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Personality Disorders in DSM-5 Section III
Andrew E. Skodol, M.D.; Robert F. Krueger, Ph.D.; Donna S. Bender, Ph.D.; Leslie C. Morey, Ph.D.; Lee Anna Clark, Ph.D.; Carl C. Bell, M.D.; Renato D. Alarcon, M.D.; Larry J. Siever, M.D.; John M. Oldham, M.D.
FOCUS 2013;11:187-188. doi:10.1176/appi.focus.11.2.187
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Author Information and CME Disclosure

Andrew E. Skodol, M.D., University of Arizona College of Medicine, Tucson, AZ and Columbia University College of Physicians and Surgeons, New York, NY

Robert F. Krueger, Ph.D., University of Minnesota, Minneapolis, MN

Donna S. Bender, Ph.D., University of Arizona College of Medicine, Tucson, AZ

Leslie C. Morey, Ph.D., Texas A&M University, College Station, TX

Lee Anna Clark, Ph.D., University of Notre Dame, South Bend, IN

Carl C. Bell, M.D., University of Illinois at Chicago, Chicago, IL

Renato D. Alarcon, M.D., Mayo Clinic College of Medicine, Rochester, MN

Larry J. Siever, M.D., Mt. Sinai School of Medicine, New York, NY and Peters VA Medical Center, Bronx, NY

John M. Oldham, M.D., Menninger Clinic and Baylor College of Medicine, Houston, TX.

All authors report no competing interests.

Address correspondence to Andrew E. Skodol, M.D., 2626 E. Arizona Biltmore Circle, Unit #29, Phoenix, AZ, 85016; e-mail: askodol@gmail.com

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Problems with the DSM-IV’s exclusively categorical approach to personality disorder diagnosis have been well-documented. These include extensive co-occurrence; extreme heterogeneity within personality disorder categories; criteria made up of inconsistent amalgams of impairments, traits, and symptomatic behaviors; temporal instability of diagnoses at rates incompatible with the basic definition of personality disorder; arbitrary diagnostic thresholds with little or no empirical basis; poor coverage of personality pathology; poor convergent validity; and limited predictive validity and clinical utility. Furthermore, the General Criteria for Personality Disorder (GCPD) were introduced in DSM-IV without justification or indication of any empirical basis; they do not appear to be specific to personality disorders, as other chronic mental disorders are also likely to meet them, leading to problems in differential diagnosis. As a consequence of these myriad problems, DSM-IV personality disorder diagnoses have not been used (e.g., “Diagnosis Deferred on Axis II”), have been under-used (e.g., “Personality Disorder Not Otherwise Specified” [PD-NOS] is the most frequent diagnosis), or have been erroneously used (e.g., diagnoses often made on the basis of too few of the required criteria). Despite these long-recognized and significant shortcomings, however, the criteria for personality disorders in Section II of DSM-5 have not changed from those in DSM-IV.

A new approach to the diagnosis of personality disorders was developed for DSM-5, however, which can be found in Section III and is reproduced in this issue following this commentary. For the general criteria for personality disorder, a revised personality functioning criterion (Criterion A) was developed based on a literature review of reliable clinical measures of core impairments central to personality pathology and validated as specific for semistructured interview diagnoses of personality disorders in samples of over 2,000 patients and community subjects. Furthermore, the moderate level of impairment in personality functioning required for a personality disorder diagnosis in DSM-5 Section III was set empirically to maximize the ability of clinicians to identify personality disorder pathology accurately and efficiently. With a single assessment of level of personality functioning, a clinician can determine whether a full assessment for personality disorder is necessary.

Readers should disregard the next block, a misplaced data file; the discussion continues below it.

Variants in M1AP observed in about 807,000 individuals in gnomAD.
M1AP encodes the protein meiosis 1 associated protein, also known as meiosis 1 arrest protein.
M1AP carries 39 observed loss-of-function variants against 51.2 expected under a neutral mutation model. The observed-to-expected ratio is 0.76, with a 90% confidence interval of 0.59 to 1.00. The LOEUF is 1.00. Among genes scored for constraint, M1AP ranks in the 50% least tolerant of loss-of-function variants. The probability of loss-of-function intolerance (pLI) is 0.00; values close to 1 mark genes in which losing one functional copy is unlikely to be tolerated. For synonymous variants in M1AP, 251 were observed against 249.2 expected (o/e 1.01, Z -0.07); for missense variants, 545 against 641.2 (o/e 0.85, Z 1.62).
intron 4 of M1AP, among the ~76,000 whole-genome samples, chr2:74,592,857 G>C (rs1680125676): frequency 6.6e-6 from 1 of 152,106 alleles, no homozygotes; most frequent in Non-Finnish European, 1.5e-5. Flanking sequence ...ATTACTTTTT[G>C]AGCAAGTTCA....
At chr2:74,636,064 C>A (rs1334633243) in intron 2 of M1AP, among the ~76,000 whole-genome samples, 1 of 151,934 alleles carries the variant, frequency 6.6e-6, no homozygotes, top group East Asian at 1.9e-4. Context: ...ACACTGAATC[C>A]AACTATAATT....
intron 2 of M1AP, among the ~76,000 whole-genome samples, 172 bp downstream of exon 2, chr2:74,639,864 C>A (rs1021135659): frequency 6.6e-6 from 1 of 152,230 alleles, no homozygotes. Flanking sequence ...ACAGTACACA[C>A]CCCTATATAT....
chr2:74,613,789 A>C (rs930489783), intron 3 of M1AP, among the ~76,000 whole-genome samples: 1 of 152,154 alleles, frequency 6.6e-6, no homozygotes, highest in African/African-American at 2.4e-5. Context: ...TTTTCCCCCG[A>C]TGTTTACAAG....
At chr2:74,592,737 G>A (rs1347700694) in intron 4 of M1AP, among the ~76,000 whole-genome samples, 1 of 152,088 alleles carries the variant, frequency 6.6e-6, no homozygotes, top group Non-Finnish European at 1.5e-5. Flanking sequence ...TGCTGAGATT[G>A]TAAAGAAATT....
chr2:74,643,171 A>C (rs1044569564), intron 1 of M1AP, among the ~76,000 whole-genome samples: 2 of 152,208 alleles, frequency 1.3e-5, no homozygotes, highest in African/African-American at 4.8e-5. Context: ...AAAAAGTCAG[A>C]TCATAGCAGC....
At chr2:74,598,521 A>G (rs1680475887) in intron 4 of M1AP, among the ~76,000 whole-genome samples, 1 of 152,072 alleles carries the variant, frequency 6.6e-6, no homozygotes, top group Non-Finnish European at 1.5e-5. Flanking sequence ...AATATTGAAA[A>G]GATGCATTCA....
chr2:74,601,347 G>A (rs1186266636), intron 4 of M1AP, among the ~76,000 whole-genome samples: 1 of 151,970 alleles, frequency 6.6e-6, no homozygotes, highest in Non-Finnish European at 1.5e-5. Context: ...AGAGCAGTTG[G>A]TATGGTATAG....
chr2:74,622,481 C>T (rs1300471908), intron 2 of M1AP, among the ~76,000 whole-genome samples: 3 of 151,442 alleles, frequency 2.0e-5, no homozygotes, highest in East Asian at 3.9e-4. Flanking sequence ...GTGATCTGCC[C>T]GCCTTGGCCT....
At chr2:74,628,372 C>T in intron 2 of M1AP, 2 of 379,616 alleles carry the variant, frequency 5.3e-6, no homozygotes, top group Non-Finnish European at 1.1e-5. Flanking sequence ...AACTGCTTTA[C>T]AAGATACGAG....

The diagnostic criteria for specific DSM-5 personality disorders in the alternative model are consistently defined across disorders by typical impairments in personality functioning and by pathological personality traits that have been determined empirically to be characteristic of the personality disorders they represent. Diagnostic thresholds for both the A and the B criteria have been set empirically to minimize change in disorder prevalence and overlap with other personality disorders and to maximize relations with psychosocial impairment. A diagnosis of personality disorder—trait specified (PD-TS), based on moderate or greater impairment in personality functioning and the presence of pathological personality traits, replaces PD-NOS and provides a much more informative diagnosis for patients who are not optimally described as having a specific personality disorder. A greater emphasis on personality functioning and trait-based criteria increases the stability and empirical bases of the disorders.

Personality functioning and personality traits also can be assessed whether or not the individual has a personality disorder, providing clinically useful information about all patients. The DSM-5 Section III approach provides a clear conceptual basis for all personality disorder pathology and an efficient assessment approach with considerable clinical utility.




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